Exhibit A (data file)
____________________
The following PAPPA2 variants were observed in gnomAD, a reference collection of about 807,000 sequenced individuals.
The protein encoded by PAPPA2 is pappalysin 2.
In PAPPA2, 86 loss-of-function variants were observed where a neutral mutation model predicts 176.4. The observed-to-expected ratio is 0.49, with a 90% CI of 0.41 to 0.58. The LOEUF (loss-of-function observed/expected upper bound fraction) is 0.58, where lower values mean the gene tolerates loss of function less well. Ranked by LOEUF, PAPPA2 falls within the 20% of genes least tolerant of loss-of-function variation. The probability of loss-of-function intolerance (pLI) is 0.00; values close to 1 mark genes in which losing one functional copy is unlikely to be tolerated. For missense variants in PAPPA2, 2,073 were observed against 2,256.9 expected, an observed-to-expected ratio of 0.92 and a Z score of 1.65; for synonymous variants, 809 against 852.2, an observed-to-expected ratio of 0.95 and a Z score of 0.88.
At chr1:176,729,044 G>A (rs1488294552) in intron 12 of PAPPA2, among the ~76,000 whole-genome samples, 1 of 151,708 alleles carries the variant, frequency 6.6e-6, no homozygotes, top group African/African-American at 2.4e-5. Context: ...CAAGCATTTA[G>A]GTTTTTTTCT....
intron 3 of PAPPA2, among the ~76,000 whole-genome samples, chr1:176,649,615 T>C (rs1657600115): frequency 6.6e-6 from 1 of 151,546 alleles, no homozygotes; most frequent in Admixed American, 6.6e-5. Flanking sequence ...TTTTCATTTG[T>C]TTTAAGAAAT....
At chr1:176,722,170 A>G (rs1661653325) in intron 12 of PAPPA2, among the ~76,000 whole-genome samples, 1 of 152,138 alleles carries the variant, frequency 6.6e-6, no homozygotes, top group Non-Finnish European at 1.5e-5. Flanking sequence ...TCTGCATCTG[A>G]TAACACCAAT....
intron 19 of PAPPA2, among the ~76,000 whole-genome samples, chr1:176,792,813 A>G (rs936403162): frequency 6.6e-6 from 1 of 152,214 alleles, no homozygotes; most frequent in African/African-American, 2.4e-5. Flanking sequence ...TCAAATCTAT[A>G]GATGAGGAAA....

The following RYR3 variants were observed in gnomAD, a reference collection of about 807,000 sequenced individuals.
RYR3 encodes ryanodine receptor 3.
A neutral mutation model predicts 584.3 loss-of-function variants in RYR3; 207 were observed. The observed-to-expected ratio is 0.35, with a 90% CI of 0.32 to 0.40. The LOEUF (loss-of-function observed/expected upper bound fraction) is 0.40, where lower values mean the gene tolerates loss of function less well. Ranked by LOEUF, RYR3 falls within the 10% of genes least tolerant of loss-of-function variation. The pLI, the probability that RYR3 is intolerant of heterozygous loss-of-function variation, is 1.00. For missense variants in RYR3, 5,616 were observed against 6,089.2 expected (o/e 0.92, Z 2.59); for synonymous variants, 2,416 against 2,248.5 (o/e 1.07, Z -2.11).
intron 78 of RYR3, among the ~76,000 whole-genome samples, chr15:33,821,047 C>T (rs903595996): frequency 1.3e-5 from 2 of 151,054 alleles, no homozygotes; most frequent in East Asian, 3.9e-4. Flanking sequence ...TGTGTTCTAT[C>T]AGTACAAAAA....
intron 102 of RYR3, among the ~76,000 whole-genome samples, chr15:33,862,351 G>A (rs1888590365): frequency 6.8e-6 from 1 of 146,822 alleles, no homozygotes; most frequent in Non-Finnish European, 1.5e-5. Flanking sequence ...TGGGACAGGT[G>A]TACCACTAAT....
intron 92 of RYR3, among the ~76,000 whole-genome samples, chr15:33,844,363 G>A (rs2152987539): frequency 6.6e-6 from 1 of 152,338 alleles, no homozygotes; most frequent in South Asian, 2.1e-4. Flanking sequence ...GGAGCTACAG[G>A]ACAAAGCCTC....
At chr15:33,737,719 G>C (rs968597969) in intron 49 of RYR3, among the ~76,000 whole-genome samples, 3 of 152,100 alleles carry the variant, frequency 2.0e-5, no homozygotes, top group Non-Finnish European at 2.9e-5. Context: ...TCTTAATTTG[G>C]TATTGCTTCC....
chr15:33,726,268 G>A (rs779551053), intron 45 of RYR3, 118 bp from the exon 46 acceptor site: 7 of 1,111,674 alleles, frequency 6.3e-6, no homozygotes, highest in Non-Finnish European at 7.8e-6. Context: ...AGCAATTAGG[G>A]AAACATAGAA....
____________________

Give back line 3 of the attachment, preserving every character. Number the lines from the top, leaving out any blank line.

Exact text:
In PAPPA2, 86 loss-of-function variants were observed where a neutral mutation model predicts 176.4. The observed-to-expected ratio is 0.49, with a 90% CI of 0.41 to 0.58. The LOEUF (loss-of-function observed/expected upper bound fraction) is 0.58, where lower values mean the gene tolerates loss of function less well. Ranked by LOEUF, PAPPA2 falls within the 20% of genes least tolerant of loss-of-function variation. The probability of loss-of-function intolerance (pLI) is 0.00; values close to 1 mark genes in which losing one functional copy is unlikely to be tolerated. For missense variants in PAPPA2, 2,073 were observed against 2,256.9 expected, an observed-to-expected ratio of 0.92 and a Z score of 1.65; for synonymous variants, 809 against 852.2, an observed-to-expected ratio of 0.95 and a Z score of 0.88.